The Ocean Conservancy, Dr. Beach and Jennifer Ahearn-Koch celebrated the new state law.

Sen. Joe Gruters celebrated a new law going into effect that could mean an end to cigarette butts on Sarasota’s beaches. The cleanup for Lido Beach started — at least symbolically — with the removal of some extra-large butts off the beach.

At a press conference alongside Florida Atlantic University professor Stephen “Dr. Beach” Leatherman, Sarasota City Commissioner Jennifer Ahearn-Koch and leaders from the Ocean Conservancy, the Sarasota Republican uninstalled a public art exhibition representing oversized cigarettes in the sand. Participants tossed the faux carcinogens into bags to haul away.

“And with this, we only want the right butts on the beach,” Gruters said. “No more cigarette butts.”

Under a new law championed by Gruters over the past four years and passed in March, local governments can now outlaw smoking in public parks and beaches.

Leatherman, who posts a ranking of beaches based on sand quality that drives tourism nationwide, said the legislation should prove beneficial to Florida’s standing on Dr. Beach.

“I am so pleased that this new law as proposed and promoted by State Senator Joe Gruters was signed by Governor (RonDeSantis, and I am sure that Sarasota will again take the lead in prohibiting smoking on their beautiful beaches,” Leatherman said. “Hopefully, other beach communities statewide will also pass regulations to make their beaches cleaner and healthier.”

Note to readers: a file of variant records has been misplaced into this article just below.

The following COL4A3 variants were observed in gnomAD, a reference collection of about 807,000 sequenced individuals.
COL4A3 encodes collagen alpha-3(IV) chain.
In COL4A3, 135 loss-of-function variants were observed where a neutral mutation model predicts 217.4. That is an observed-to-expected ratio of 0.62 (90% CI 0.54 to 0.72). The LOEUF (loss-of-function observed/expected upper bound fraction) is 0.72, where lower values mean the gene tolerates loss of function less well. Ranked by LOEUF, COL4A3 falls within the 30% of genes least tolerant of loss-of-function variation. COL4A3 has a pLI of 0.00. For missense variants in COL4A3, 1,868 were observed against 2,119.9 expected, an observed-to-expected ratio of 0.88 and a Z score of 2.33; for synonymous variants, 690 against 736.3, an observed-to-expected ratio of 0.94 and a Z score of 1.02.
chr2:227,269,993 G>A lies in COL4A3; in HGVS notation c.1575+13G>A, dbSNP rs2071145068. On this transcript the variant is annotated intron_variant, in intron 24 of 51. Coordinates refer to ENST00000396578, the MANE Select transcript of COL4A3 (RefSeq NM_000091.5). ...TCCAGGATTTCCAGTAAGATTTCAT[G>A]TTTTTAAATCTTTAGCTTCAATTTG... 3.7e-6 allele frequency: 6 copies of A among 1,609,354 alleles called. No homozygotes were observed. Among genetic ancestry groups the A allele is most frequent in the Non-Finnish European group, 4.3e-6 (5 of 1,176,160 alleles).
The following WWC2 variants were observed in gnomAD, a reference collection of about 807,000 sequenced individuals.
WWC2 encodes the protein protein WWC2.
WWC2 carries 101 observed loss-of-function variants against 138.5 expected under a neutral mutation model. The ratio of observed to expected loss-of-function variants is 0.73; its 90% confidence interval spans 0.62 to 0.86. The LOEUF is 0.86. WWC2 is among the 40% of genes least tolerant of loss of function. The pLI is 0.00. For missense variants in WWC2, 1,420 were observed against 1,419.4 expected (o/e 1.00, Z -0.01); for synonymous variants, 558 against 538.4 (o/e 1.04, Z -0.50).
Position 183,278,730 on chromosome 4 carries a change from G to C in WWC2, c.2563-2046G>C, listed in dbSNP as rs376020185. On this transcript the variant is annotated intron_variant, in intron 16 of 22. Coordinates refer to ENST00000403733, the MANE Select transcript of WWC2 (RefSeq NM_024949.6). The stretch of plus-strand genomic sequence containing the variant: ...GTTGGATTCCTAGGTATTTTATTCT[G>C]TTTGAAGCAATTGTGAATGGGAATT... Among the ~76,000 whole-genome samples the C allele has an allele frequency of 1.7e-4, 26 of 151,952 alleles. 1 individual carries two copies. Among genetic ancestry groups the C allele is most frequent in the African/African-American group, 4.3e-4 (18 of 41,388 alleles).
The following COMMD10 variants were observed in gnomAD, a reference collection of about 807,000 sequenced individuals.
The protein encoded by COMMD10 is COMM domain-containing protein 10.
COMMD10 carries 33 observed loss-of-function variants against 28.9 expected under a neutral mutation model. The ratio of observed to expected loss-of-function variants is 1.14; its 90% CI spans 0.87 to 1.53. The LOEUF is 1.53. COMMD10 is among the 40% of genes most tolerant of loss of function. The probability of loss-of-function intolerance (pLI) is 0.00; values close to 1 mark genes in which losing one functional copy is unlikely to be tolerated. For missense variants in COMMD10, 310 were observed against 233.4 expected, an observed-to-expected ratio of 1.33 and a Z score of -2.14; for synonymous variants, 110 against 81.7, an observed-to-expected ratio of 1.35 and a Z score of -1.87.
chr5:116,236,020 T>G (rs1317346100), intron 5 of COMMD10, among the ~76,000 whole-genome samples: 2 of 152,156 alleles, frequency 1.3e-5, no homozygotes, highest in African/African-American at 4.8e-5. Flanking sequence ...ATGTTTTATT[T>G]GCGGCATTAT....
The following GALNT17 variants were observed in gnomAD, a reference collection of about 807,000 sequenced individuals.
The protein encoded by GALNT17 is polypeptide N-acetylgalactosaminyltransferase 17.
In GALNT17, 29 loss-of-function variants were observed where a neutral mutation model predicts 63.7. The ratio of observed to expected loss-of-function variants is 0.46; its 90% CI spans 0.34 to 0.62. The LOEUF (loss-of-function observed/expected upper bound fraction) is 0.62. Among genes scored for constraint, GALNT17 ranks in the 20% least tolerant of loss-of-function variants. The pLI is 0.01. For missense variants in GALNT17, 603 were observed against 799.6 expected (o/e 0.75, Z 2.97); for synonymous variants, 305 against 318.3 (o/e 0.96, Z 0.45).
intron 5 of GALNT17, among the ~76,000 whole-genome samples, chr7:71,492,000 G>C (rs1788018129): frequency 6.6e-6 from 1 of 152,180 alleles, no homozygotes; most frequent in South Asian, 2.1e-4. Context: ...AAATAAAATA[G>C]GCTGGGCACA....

The law signed by DeSantis (HB 105) will leave it to counties and cities how to regulate smoking in their parks. But Leatherman’s ranking system will award points to any beach with a smoking ban in place.

To Gruters, that gives an economic incentive for communities to pass local ordinances protecting their shores. That means there’s two-fold benefit from the new law, for the environment and for the financial health of beach communities.

“There is nothing more disgusting than when you can put your hand in the sand and you pull it out, and all of the sudden you feel that cigarette butt, especially when your kids are playing in the sand,” Gruters said.

The Ocean Conservancy has consistently found during beach cleanups that discarded cigarettes far and away remain the most littered item. The group praised the new law.

“Now that the law is officially in place, Ocean Conservancy is urging local governments to take action to implement these new rules,” said J.P. Brooker, director of Florida Conservation at Ocean Conservancy. “We know our leaders care about protecting our seabirds, sea turtles, and marine mammals. Taking this historic step to save our environment is exciting.”

Of note, both the Sarasota City Commission and County Commission had banned smoking on beaches in the past, but after the ACLU sued Sarasota over its ordinance, a judge in 2017 ruled only the state could regulate outdoor tobacco use.

Ahearn-Koch became the first city official to publicly express interest in passing a new ordinance now that the change to state law has gone into effect. She said when the City Commission meets on Tuesday, the topic of bringing a new local ordinance forward will be discussed.

“I am so thrilled that we finally have the ability in the city of Sarasota to regulate at the local level,” she said, “and the rest of the cities in Florida have this ability.”